Friday, April 22, 2005
The Florida Supreme Court has ruled in favor of Time-Warner in a question of commercial misappropriation under a Florida Statute (section 540.08). Plaintiffs had brought suit alleging that the film The Perfect Storm, based on the book by Sebastian Junger, asking for "recompense". They also sued for common law false light invasion of privacy. The District Court granted the defendants' motion for summary judgment on all claims. On appeal, the Eleventh Circuit certified the question under review to the Florida Supreme Court.
The Florida court restated the question as follows: "DOES THE PHRASE `FOR PURPOSES OF TRADE OR FOR ANY COMMERCIAL OR ADVERTISING PURPOSE' IN SECTION 540.08(1), FLORIDA STATUTES, INCLUDE PUBLICATIONS WHICH DO NOT DIRECTLY PROMOTE A PRODUCT OR SERVICE?" It considered a prior case, Loft v. Fuller (Fla. 4th DCA 1981), in which a Florida court first construed the meaning of the statute, and which continues to be the interpretation applied. "In our view, section 540.08, by prohibiting the use of one's name or likeness for trade, commercial or advertising purposes, is designed to prevent the unauthorized use of a name to directly promote the product or service of the publisher. Thus, the publication is harmful not simply because it is included in a publication that is sold for a profit, but rather because of the way it associates the individual's name or his personality with something else. Such is not the case here."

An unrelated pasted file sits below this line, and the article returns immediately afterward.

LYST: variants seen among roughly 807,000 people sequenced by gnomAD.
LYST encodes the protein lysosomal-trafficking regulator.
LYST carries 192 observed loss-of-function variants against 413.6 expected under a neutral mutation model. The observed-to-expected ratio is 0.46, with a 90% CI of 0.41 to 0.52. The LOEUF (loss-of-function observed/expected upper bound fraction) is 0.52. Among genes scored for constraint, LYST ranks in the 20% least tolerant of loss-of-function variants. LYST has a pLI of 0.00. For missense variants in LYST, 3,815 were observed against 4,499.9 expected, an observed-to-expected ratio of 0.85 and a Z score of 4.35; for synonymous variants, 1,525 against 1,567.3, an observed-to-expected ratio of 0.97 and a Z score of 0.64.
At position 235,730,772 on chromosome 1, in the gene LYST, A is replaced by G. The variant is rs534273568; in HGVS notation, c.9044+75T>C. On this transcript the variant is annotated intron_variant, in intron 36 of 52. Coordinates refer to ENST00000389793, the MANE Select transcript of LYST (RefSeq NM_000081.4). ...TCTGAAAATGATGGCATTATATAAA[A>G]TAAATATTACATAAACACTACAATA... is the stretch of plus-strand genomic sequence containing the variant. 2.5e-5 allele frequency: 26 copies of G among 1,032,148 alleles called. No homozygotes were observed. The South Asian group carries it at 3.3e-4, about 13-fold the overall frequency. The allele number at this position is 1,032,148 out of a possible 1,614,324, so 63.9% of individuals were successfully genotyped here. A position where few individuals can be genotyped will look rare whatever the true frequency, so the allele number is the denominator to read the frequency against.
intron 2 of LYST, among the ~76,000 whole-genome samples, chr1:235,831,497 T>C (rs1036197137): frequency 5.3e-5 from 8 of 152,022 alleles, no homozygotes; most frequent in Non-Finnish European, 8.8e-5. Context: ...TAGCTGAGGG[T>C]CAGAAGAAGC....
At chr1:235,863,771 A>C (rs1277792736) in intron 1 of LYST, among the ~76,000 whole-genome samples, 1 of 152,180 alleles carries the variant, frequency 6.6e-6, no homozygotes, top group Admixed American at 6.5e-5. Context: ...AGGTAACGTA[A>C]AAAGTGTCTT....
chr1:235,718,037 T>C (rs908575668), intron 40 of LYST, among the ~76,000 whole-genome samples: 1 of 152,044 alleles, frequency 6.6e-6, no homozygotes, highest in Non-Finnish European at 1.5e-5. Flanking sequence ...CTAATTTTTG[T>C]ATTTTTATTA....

The Court concluded by finding in favor of the appellees. Read the opinion here. Read the amicus brief filed by Entertainment, Arts and Sports Law Section of the Florida Bar here. Jordan Tabach-Bank has published a case note in the Loyola of Los Angeles Entertainment Law Review on the proceeding: read Missing the Right of Publicity Boat here.